Nifty - but is it performant?

Google puts HDFS-less Hadoop in its cloud

Elliot Bentley
hadoop-google-cloud1

Don’t worry about the file system for your precious Big Data, says Google – just keep it in our Cloud Storage.

The
Hadoop Distributed File System is so 2003 – at least according to
Google, which is testing a connector that allows Hadoop to gobble
data straight off its Cloud Storage platform.

Announced in a
blog post
, the ‘Google Cloud Storage connector for Hadoop’
plugs Compute Engine-hosted instances of Hadoop directly into its
equivalent of Amazon’s S3, Google Cloud Storage.

This, says Product Manager Jonathan Bingham, will provide all
the advantages of Cloud Storage – high availability,
interoperability and accessibility – without the need to move data
to a specialised Hadoop Distributed File System (HDFS).

A crucial aspect of Hadoop, the HDFS requires time-consuming
routine maintenance, whereas Cloud Storage “just works”, says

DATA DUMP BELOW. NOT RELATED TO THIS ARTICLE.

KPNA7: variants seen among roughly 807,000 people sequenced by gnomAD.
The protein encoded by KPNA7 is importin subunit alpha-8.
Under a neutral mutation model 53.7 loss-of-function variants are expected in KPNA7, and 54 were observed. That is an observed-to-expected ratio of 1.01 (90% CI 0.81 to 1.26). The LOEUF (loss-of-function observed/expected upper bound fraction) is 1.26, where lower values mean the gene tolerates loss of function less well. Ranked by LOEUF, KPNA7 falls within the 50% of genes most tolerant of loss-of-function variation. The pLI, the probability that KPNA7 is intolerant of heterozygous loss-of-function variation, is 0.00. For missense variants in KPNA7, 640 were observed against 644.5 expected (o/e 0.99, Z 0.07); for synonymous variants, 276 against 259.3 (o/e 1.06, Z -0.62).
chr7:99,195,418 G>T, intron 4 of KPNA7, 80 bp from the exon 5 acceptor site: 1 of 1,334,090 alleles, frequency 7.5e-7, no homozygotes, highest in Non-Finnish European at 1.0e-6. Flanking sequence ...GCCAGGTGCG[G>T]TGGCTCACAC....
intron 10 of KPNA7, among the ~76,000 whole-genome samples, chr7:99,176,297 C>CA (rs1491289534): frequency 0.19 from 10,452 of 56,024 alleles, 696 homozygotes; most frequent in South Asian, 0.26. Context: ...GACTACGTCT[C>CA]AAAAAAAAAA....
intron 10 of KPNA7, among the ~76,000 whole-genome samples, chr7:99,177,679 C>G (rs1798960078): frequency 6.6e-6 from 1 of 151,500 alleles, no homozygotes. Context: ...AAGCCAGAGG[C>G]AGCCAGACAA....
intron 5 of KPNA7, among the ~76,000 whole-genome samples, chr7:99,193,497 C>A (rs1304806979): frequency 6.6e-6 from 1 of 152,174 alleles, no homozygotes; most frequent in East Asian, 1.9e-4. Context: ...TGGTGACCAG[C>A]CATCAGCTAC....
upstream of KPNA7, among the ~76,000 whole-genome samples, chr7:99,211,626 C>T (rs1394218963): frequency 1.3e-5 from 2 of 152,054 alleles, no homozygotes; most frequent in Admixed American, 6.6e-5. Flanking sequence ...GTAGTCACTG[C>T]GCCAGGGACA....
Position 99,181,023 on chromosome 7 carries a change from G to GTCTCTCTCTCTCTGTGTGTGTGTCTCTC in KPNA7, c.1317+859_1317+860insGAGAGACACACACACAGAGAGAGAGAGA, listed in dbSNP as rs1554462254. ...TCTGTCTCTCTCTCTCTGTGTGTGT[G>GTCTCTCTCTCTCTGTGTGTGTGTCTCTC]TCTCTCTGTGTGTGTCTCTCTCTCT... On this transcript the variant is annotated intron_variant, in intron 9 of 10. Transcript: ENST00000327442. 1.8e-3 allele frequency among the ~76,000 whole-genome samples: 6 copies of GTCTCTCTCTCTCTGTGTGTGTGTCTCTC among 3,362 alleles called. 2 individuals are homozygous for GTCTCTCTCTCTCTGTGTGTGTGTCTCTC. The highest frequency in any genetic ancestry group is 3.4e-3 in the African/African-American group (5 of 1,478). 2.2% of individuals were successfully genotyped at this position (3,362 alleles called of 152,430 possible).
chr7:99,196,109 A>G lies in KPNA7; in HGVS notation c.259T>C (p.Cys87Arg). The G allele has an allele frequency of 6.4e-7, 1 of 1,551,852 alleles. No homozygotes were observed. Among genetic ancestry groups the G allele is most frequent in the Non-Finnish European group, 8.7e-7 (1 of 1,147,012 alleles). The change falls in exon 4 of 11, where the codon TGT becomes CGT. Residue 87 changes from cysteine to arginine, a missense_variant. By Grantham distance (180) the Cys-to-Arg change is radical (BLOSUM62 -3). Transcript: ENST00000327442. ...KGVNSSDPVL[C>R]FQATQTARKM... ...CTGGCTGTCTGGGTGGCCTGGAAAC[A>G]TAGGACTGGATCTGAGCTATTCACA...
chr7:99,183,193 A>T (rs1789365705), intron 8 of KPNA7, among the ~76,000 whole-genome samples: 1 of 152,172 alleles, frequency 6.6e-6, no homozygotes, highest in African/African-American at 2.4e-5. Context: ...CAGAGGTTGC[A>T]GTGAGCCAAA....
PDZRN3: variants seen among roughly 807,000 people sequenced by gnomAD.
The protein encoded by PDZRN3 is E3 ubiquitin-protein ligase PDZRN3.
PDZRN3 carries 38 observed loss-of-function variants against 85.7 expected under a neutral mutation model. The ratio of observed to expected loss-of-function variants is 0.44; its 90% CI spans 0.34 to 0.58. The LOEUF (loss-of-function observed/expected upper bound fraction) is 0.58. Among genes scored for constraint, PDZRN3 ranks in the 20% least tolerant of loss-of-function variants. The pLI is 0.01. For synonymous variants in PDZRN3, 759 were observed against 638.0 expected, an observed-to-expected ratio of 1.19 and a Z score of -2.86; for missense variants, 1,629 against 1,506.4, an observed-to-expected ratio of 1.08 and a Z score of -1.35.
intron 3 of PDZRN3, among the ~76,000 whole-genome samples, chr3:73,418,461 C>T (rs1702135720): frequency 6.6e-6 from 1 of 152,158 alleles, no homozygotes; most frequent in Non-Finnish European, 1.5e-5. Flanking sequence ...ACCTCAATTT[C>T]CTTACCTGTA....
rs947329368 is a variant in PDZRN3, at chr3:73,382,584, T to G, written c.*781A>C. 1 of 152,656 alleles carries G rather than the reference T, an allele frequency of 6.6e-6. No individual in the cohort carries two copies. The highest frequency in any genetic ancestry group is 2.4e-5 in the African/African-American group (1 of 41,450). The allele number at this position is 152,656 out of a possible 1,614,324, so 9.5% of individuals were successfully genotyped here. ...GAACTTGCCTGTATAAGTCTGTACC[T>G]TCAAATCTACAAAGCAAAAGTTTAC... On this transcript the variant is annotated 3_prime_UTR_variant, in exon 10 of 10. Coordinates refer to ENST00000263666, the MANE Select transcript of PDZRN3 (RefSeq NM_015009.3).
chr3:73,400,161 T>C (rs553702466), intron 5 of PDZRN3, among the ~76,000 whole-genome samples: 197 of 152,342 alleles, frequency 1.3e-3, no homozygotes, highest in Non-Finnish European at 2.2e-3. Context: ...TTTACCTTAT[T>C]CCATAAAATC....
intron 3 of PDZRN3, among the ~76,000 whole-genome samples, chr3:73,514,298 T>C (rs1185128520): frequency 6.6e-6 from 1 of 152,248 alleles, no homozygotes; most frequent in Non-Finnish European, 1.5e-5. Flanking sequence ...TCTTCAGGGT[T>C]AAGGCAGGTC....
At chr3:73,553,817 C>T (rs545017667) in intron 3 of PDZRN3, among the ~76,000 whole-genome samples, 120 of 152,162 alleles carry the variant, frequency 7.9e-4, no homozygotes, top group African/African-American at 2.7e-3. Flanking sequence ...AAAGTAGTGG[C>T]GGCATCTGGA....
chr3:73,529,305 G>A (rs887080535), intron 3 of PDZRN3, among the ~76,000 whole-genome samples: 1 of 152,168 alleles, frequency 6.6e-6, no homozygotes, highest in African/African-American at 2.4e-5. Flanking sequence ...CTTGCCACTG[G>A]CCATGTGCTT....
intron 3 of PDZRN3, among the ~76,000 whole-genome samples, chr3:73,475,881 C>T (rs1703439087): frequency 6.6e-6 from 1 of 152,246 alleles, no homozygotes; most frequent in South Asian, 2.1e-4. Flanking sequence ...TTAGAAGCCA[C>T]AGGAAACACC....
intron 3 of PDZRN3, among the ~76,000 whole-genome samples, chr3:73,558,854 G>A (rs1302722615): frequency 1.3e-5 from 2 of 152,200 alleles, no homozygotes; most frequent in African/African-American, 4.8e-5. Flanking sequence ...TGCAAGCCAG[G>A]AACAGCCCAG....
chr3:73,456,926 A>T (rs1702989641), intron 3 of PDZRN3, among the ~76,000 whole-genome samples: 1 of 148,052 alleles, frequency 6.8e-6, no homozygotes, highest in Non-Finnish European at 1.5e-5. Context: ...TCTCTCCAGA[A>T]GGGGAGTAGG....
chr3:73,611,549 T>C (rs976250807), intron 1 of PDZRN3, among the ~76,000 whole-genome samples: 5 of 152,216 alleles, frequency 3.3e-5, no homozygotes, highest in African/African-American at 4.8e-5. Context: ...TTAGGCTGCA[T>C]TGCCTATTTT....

Bingham. Data persists even when Hadoop instances are shut down and
costs are theoretically lower. The only catch, it seems, may be in
performance, which Bingham claims is “comparable” to HDFS.

Though Hadoop was developed  and open-sourced by
Yahoo, it was heavily inspired by 2003 papers from Google
describing its own MapReduce and Google File System. The latest
version of Google File System, named Colossus,
underpins not only Google’s internal products, but the commercial
Cloud Storage service, too.

Google is not the only company replacing the
traditional HDFS: Red Hat last year open sourced
a Hadoop plug-in
for Red Hat Storage Server (formerly called
Gluster). However, in Google’s case this alternative is less about
performance and more about sheer convenience.

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